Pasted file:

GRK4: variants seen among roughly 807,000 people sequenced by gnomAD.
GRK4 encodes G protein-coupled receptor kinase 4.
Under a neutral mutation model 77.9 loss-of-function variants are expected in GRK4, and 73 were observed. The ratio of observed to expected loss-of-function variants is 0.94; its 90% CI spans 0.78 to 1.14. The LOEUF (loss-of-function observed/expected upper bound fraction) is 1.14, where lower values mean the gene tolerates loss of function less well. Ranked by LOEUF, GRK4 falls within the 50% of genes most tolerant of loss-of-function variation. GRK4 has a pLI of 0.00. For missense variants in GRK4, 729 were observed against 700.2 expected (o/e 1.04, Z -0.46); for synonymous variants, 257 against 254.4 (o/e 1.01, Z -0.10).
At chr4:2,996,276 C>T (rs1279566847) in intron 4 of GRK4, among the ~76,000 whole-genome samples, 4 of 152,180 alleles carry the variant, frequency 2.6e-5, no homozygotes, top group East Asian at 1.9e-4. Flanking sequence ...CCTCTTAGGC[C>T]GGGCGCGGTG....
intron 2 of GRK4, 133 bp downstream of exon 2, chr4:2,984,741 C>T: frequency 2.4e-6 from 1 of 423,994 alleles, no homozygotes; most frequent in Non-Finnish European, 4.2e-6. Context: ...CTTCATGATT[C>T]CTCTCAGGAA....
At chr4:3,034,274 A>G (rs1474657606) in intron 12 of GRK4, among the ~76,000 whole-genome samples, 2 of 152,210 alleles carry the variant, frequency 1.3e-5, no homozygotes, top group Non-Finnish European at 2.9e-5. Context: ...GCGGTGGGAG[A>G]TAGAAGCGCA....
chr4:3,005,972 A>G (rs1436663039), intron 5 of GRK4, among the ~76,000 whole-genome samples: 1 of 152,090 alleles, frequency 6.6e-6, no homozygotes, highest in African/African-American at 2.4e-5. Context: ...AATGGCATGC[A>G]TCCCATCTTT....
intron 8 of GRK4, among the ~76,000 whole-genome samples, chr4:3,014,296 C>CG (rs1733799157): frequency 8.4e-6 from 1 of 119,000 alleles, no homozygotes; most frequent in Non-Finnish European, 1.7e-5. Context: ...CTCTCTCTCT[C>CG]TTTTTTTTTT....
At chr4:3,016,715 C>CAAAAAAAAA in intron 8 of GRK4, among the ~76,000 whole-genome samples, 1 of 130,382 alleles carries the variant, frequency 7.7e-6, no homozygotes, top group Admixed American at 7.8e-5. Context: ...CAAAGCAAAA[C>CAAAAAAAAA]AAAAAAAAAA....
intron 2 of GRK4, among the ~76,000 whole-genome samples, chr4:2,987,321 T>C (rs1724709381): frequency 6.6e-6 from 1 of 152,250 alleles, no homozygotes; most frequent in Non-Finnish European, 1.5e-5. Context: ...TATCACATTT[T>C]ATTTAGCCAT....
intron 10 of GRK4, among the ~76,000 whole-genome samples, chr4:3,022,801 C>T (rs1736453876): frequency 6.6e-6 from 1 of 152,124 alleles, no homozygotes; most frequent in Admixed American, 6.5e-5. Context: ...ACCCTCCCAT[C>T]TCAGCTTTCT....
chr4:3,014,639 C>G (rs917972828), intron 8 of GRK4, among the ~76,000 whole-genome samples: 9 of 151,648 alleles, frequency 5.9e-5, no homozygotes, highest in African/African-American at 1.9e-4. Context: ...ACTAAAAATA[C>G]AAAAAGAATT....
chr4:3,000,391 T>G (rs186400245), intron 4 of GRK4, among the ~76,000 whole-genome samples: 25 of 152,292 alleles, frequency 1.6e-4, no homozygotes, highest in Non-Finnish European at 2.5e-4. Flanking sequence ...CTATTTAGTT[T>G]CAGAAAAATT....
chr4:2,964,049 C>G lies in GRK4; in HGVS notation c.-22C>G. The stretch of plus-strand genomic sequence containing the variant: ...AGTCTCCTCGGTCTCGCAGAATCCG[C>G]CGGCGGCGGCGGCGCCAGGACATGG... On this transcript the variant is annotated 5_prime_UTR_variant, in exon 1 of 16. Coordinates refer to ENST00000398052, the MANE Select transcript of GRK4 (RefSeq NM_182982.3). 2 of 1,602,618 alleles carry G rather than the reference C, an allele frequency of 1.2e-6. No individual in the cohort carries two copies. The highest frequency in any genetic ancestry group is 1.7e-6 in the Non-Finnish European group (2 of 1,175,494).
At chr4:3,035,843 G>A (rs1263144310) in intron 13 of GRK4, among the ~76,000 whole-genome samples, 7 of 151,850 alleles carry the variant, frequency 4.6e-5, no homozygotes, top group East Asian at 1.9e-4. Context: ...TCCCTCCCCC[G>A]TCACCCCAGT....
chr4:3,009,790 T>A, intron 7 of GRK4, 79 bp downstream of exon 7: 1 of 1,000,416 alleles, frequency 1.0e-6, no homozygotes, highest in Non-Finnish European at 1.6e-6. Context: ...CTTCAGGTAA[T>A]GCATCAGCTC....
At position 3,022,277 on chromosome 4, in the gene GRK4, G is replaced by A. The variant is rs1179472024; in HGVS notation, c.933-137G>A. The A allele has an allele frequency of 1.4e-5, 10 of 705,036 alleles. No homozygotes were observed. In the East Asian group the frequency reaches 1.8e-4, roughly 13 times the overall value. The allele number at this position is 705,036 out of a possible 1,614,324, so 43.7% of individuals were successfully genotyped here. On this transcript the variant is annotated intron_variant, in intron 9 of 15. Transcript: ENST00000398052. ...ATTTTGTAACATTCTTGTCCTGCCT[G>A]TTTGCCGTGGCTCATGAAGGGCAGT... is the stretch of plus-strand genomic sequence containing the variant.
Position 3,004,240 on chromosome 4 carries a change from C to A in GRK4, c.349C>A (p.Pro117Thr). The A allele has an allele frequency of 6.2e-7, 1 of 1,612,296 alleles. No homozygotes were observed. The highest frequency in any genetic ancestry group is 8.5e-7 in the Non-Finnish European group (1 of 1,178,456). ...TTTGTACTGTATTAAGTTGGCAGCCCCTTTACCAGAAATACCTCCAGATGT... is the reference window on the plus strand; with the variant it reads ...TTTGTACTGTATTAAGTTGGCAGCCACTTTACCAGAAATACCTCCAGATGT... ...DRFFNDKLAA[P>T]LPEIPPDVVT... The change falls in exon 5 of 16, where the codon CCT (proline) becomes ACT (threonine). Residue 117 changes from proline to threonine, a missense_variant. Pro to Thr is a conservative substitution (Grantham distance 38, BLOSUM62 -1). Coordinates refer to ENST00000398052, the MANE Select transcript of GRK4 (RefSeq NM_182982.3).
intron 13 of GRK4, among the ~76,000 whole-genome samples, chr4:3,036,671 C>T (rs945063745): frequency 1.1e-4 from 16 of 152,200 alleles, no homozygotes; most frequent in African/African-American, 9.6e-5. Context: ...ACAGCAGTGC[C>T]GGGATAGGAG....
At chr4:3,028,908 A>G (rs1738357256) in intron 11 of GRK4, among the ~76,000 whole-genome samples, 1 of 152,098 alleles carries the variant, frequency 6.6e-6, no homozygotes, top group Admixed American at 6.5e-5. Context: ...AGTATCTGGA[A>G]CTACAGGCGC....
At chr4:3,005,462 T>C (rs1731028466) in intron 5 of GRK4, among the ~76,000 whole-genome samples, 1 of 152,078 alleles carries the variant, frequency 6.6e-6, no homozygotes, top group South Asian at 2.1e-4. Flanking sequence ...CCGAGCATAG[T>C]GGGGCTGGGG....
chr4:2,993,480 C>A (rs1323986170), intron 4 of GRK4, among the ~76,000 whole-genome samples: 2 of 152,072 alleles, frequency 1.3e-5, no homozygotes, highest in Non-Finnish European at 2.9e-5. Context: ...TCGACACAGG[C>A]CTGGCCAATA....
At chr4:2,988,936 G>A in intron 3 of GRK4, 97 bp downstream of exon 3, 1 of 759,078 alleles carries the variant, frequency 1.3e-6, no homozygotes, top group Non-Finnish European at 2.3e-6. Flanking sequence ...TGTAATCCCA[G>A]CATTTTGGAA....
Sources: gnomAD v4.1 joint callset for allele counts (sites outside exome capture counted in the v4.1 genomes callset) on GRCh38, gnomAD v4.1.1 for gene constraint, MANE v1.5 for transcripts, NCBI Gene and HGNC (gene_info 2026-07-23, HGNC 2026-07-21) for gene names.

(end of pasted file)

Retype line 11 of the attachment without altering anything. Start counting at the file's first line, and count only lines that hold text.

intron 10 of GRK4, among the ~76,000 whole-genome samples, chr4:3,022,801 C>T (rs1736453876): frequency 6.6e-6 from 1 of 152,124 alleles, no homozygotes; most frequent in Admixed American, 6.5e-5. Context: ...ACCCTCCCAT[C>T]TCAGCTTTCT....